Living wage bylaws work by setting a wage floor above the minimum wage for workers who work directly for the city, for firms that receive contracts from the city, and firms that receive economic development money from the city.  Over 100 other North American jurisdictions have adopts similar measures, and most recently the City of Calgary considered the adoption of a similar bylaw but it ultimately failed. 

City staff recently released a report to Councillors detailing a series of options for the implementation of living wage bylaw and a vote is expected to happen on Monday.  We are encouraging Councillors to the support the most progressive of the options put forward by staff.

More to come...

Ontario Minimum Wage Rises

Today, Ontario's minimum wage rises to $10.25 per hour - the third and final rise in the past three years.

It was an assertive community based campaign coupled with the by-election loss in York-South Weston (one of Ontario's poorest ridings) that eventually saw the McGuinty government to reverse its long standing opposition to minimum wage increases. Toronto ACORN members were a critical component of this campaign, packing into Town hall meetings, collecting petition signatures and building community support in working family neighbourhoods across Toronto.

Minimum wages remain one of the most important anti-poverty tools available to governments because of there "trickle-up" impact on wages of other low wage workers.  By raising the wage floor we are able to elevate more workers out of poverty - and not just minimum wage workers - but workers earning near the minimum wage.

Unfortunately, Ontario has no more new minimum wage increases planned, leaving open the possibility of these gains being lost to inflation and cost of living increases in years to come.  Ontario ACORN is calling for the Province to lay out a plan for future raises to bring the minimum wage above the poverty line and to peg the minimum wage to inflation.

Toronto ACORN worked closely with the Toronto District Labour Council as well as a number of other groups to help win this important campaign.

Tenants, allies join forces for tenant protection fee

On March 20th, Toronto ACORN held a forum with community leaders from across the city to renew our commitment to winning a proactive system of apartment inspection in the city.  ACORN members described to the 100+ person audience the long history of our housing campaigns in Toronto and the progress we’ve made up to this point.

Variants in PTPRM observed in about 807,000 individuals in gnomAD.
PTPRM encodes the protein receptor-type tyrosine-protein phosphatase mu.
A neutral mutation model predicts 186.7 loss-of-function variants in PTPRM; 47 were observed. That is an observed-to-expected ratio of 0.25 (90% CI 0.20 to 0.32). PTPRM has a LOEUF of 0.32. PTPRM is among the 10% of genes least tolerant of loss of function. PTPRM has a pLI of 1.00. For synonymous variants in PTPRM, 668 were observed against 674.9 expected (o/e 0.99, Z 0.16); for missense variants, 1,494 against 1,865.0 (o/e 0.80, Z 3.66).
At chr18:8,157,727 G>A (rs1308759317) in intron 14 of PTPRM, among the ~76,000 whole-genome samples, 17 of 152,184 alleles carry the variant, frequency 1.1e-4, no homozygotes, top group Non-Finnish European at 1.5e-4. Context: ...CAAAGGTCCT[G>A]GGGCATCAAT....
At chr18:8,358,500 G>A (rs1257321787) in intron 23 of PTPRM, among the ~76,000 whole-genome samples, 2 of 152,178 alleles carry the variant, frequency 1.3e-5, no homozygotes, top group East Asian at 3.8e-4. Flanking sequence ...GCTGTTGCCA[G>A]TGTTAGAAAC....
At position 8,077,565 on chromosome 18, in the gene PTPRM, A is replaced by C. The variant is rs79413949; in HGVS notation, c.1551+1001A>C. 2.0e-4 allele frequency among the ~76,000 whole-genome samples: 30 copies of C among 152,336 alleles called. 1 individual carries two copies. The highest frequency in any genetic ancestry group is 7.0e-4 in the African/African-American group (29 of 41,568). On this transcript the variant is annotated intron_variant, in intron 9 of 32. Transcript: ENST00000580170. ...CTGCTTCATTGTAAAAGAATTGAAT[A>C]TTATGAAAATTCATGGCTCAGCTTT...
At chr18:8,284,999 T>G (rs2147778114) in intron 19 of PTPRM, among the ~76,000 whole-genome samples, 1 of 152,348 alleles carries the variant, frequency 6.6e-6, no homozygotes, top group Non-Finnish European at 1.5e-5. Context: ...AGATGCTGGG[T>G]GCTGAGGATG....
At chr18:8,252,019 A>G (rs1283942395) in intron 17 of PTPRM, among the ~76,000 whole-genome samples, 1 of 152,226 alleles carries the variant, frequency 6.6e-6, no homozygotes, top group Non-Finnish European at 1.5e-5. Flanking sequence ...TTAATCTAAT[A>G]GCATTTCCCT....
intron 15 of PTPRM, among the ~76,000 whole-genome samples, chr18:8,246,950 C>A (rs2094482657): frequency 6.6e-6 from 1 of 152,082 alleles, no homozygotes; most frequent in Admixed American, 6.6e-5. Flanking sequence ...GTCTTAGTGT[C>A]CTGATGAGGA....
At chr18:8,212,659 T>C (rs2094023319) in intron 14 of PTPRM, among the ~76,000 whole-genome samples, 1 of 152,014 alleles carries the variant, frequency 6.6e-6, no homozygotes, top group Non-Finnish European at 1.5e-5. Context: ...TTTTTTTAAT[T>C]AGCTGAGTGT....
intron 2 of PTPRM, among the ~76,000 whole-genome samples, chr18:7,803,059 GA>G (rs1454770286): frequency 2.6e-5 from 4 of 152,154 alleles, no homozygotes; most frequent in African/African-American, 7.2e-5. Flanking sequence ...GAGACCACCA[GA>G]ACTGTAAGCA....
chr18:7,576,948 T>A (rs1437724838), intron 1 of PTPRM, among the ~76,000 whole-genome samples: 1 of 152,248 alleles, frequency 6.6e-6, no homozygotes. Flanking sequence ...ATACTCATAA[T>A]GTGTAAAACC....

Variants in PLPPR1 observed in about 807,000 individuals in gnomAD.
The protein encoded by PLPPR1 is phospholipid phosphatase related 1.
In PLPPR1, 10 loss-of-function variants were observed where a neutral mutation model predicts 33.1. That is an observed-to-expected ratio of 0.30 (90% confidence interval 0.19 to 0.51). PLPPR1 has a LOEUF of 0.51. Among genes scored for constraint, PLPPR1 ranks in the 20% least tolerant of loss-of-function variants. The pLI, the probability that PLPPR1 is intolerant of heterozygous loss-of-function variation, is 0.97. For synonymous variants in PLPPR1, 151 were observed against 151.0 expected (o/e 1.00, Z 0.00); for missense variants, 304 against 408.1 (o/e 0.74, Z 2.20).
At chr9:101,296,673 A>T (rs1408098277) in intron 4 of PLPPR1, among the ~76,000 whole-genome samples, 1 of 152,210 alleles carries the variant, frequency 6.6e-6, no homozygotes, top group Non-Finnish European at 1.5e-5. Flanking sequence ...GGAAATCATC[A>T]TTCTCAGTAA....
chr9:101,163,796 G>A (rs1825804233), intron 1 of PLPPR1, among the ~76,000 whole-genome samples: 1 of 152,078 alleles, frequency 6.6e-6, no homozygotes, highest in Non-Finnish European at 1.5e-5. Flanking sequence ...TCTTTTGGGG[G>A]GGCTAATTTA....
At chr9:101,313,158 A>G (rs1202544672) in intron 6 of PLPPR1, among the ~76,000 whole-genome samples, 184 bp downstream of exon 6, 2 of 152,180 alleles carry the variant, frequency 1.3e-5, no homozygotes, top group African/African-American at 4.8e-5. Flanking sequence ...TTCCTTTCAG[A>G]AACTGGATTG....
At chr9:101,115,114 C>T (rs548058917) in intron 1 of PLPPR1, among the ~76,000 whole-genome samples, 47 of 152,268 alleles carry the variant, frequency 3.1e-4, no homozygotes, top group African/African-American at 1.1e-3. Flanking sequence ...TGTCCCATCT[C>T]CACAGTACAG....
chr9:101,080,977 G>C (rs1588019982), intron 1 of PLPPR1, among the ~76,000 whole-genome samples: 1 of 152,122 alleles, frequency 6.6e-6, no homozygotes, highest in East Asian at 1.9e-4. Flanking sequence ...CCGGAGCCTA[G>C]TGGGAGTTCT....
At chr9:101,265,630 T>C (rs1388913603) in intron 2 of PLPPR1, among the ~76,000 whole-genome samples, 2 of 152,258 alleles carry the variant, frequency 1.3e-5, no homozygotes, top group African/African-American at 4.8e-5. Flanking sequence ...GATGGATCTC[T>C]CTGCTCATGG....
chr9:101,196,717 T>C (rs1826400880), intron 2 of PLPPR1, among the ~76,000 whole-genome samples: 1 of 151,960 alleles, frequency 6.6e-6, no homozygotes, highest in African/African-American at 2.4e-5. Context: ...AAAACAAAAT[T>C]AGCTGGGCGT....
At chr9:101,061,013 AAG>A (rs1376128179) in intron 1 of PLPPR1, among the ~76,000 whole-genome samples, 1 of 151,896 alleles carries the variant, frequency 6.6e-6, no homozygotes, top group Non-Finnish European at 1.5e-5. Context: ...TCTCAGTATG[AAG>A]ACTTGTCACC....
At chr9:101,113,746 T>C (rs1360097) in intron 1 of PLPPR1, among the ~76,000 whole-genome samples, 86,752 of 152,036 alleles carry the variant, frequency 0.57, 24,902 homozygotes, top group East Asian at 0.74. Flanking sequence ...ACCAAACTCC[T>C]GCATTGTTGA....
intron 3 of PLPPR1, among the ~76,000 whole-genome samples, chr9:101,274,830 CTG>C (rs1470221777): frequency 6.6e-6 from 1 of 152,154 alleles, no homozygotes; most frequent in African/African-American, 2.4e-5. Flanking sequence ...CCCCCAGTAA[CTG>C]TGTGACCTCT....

At the municipal level, 7 City Councillors attended the event and all signed on to support the levying of a tenant protection fee on large landlords to fund a proactive inspection regime.  Further, they committed to support a motion coming before Council on March 31st that aims to ensure tenant input into any new apartment inspection system.

Unlike previous housing forums held by ACORN, this event included representatives from the Provincial government in support of enhancing provincial support for tenants.

Toronto ACORN is pursuing a meeting with the Minister of Housing, Jim Bradley to discuss our recommendation for provincial enhancements of the laws regulating apartment standards and new tools the municipalities could use to ensure fair housing for tenants.

Livable Housing Forum


March 1st, 2010 - Toronto ACORN is leading the city wide campaign to fix rental housing.

 

Last year the city launched a new inspection regime as a result of a multi-year campaign by Toronto ACORN, tenant groups and our allies on city council.  While this program has seen some results – it’s also further exposed the extent of the problem.

Toronto tenants continue to be forced to endure bed bugs, mold, poor maintenance and other abuses, largely at the hands of a handful of large corporate landlords.